Nov 9, 2006 (CIDRAP News) – A laboratory study indicates that the antiplatelet drug clopidogrel (Plavix) may limit the action of the antiviral oseltamivir (Tamiflu), which could mean trouble for cardiovascular disease patients who contract influenza.
The study by a team from the University of Rhode Island suggests that people taking clopidogrel to prevent heart attack or stroke may get little benefit from oseltamivir. The team found that clopidogrel reduced an initial step in the metabolization of oseltamivir up to 90% when the drugs were present in equal concentrations, according to the study, published in the Journal of Pharmacology and Experimental Therapeutics.
"Concurrent use of both drugs would inhibit the activation of oseltamivir . . . thus making this antiviral agent therapeutically inactive," said senior author and pharmacy professor Bingfang Yan in a University of Rhode Island news release.
However, it's not known whether the drug interaction observed in the lab study would occur to the same extent in the human body, according to others, including a spokesman for Roche, the manufacturer of Tamiflu.
Oseltamivir, a neuraminidase inhibitor, is used to treat seasonal flu and is both the first-choice drug for treating people infected with H5N1 avian influenza and the best hope for treatment if H5N1 evolves into a pandemic strain. It must be given within the first 48 hours of symptom onset to be effective. Clopidogrel is used widely to prevent heart attack and stroke in patients who have already had such an episode or have peripheral arterial disease.
Oseltamivir must first be hydrolyzed (split into fragments by reaction with water) to be active in the body, according to the report. The researchers report that a liver enzyme called HCE1 is a key factor in the hydroloysis of both oseltamivir and clopidogrel.
The scientists induced human embryonic kidney cells to produce HCE1, exposed the cells to high-frequency sound, and used a centrifuge to remove the cell debris, their report says. Then they added varying amounts of oseltamivir and clopidogrel to the remaining liquid and assessed the hydroloysis of oseltamivir.
When clopidogrel and oseltamivir were present in equal concentrations of 50 micromoles per liter, hydrolysis of oseltamivir was reduced by up to 90% compared with the level in the absence of clopidogrel. When the concentration of clopidogrel was only 10% that of oseltamivir, it still reduced hydrolysis of the antiviral by 55%, according to the report.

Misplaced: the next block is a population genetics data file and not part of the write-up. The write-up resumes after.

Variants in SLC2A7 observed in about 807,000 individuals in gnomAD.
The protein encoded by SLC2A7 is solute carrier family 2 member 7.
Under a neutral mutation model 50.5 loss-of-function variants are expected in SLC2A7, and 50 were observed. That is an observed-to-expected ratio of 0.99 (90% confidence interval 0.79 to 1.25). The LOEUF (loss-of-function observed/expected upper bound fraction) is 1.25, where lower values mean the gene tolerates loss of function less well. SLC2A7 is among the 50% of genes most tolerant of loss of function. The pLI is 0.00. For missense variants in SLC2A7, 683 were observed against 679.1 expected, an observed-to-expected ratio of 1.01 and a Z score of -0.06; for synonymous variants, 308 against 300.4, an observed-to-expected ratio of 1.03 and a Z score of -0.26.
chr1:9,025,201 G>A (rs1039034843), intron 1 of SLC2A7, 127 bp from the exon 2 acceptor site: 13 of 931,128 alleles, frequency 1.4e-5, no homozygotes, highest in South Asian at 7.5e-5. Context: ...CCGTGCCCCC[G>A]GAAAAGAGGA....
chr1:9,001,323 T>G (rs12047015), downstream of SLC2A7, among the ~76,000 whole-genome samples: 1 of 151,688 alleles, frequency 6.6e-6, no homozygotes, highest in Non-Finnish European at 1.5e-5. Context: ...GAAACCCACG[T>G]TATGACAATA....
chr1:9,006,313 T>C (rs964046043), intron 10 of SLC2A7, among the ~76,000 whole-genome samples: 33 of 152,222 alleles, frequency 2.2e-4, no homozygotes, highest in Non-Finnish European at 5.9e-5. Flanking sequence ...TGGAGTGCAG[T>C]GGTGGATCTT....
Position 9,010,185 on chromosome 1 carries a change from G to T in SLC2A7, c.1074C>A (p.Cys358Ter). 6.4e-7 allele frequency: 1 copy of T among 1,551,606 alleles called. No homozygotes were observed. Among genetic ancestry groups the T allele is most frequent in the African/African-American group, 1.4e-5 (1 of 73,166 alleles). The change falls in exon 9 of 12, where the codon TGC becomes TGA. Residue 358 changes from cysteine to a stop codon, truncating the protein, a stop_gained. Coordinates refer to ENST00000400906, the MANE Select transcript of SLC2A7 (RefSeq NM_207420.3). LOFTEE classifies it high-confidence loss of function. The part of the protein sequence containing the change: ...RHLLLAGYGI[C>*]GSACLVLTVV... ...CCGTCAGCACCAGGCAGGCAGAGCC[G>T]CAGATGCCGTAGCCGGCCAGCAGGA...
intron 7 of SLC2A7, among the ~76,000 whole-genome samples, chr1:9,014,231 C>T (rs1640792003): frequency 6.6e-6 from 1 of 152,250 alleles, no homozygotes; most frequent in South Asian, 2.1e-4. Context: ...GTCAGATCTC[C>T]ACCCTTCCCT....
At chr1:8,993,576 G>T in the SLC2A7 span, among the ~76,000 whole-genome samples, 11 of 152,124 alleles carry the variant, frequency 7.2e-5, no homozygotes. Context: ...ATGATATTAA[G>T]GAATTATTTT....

Given the widespread use of clopidogrel, it is likely that oseltamivir and clopidogrel are used concurrently in some patients, the report states. The findings suggest that those who receive both drugs at the same time remain susceptible to flu if they are not yet infected or, if they are infected, can spread it to others, the authors say.
"Now we need to study the effects of the combination in human trials," Yan said in the news release. He has notified the US Food and Drug Administration and the National Institutes of Health of his findings.
Louis M. Mansky, director of the University of Minnesota's Institute for Molecular Virology in Minneapolis, said the findings warrant further study to see if the drug interaction would occur in the human body as it does in the laboratory.
"The study is interesting and suggests that Plavix can prevent metabolic conversion of Tamiflu to the active drug," Mansky told CIDRAP News by e-mail.
"The main limitation is that it's unclear how well this finding translates into a clinical situation (ie, it might not be as concerning, as the inhibition of Tamiflu conversion might not be as great)," he said.
"Observations in cell culture don't always translate perfectly when analyzed in clinical studies," Mansky added. "The only way to know for sure is to extend these studies, which I think is warranted and worth doing."
Terence J. Hurley, a US spokesman for Roche, manufacturer of Tamiflu, said the study by itself does not prove there is a clinically relevant interaction between clopidogrel and oseltamivir.
"Roche has made a preliminary review of this publication and concludes that the authors extrapolate their findings beyond the scope of the study," Hurley told CIDRAP News by e-mail. "The clinical conclusions are made based on in vitro data from a limited dataset. Neither the limitations of the in vitro study nor the clinical relevance of concentrations evaluated were discussed."
He added that Roche plans to conduct a full evaluation of the study and will provide the results to regulatory agencies if any significant concerns are identified.
Shi D, Yang J, Yang D, et al. Anti-influenza viral prodrug oseltamivir is activated by carboxylesterase HCE1 and the activation is inhibited by anti-platelet agent clopidogrel. J Pharmacol Exper Ther 2006; early online publication Sep 11 [Abstract]